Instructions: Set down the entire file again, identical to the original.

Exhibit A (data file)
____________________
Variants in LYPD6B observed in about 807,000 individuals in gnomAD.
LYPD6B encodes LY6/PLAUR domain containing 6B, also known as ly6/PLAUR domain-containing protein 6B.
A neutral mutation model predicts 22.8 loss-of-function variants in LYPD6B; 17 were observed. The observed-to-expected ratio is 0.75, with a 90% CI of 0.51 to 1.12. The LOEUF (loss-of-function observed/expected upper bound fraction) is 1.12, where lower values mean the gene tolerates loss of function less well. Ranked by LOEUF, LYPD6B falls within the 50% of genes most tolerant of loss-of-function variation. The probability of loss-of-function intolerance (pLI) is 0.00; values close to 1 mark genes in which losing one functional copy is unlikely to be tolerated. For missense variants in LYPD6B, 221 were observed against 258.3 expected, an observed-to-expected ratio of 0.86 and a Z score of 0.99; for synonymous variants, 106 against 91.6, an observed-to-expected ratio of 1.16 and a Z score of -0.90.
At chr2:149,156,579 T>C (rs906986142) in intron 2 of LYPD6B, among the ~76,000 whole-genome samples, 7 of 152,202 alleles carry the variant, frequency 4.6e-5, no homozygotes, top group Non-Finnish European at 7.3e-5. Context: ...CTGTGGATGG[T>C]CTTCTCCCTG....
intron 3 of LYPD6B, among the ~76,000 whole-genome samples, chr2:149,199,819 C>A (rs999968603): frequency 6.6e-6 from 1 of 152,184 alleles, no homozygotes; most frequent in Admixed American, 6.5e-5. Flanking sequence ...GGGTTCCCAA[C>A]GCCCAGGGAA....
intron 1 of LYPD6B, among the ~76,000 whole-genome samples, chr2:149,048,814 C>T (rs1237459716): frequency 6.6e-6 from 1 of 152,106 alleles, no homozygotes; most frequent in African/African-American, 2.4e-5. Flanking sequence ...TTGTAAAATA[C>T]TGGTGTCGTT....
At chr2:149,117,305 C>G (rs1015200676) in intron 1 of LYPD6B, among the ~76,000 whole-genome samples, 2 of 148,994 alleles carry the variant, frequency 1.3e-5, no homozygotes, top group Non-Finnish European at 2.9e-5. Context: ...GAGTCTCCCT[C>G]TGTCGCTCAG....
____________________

Variants in LYPD6B observed in about 807,000 individuals in gnomAD.
LYPD6B encodes LY6/PLAUR domain containing 6B, also known as ly6/PLAUR domain-containing protein 6B.
A neutral mutation model predicts 22.8 loss-of-function variants in LYPD6B; 17 were observed. The observed-to-expected ratio is 0.75, with a 90% CI of 0.51 to 1.12. The LOEUF (loss-of-function observed/expected upper bound fraction) is 1.12, where lower values mean the gene tolerates loss of function less well. Ranked by LOEUF, LYPD6B falls within the 50% of genes most tolerant of loss-of-function variation. The probability of loss-of-function intolerance (pLI) is 0.00; values close to 1 mark genes in which losing one functional copy is unlikely to be tolerated. For missense variants in LYPD6B, 221 were observed against 258.3 expected, an observed-to-expected ratio of 0.86 and a Z score of 0.99; for synonymous variants, 106 against 91.6, an observed-to-expected ratio of 1.16 and a Z score of -0.90.
At chr2:149,156,579 T>C (rs906986142) in intron 2 of LYPD6B, among the ~76,000 whole-genome samples, 7 of 152,202 alleles carry the variant, frequency 4.6e-5, no homozygotes, top group Non-Finnish European at 7.3e-5. Context: ...CTGTGGATGG[T>C]CTTCTCCCTG....
intron 3 of LYPD6B, among the ~76,000 whole-genome samples, chr2:149,199,819 C>A (rs999968603): frequency 6.6e-6 from 1 of 152,184 alleles, no homozygotes; most frequent in Admixed American, 6.5e-5. Flanking sequence ...GGGTTCCCAA[C>A]GCCCAGGGAA....
intron 1 of LYPD6B, among the ~76,000 whole-genome samples, chr2:149,048,814 C>T (rs1237459716): frequency 6.6e-6 from 1 of 152,106 alleles, no homozygotes; most frequent in African/African-American, 2.4e-5. Flanking sequence ...TTGTAAAATA[C>T]TGGTGTCGTT....
At chr2:149,117,305 C>G (rs1015200676) in intron 1 of LYPD6B, among the ~76,000 whole-genome samples, 2 of 148,994 alleles carry the variant, frequency 1.3e-5, no homozygotes, top group Non-Finnish European at 2.9e-5. Context: ...GAGTCTCCCT[C>G]TGTCGCTCAG....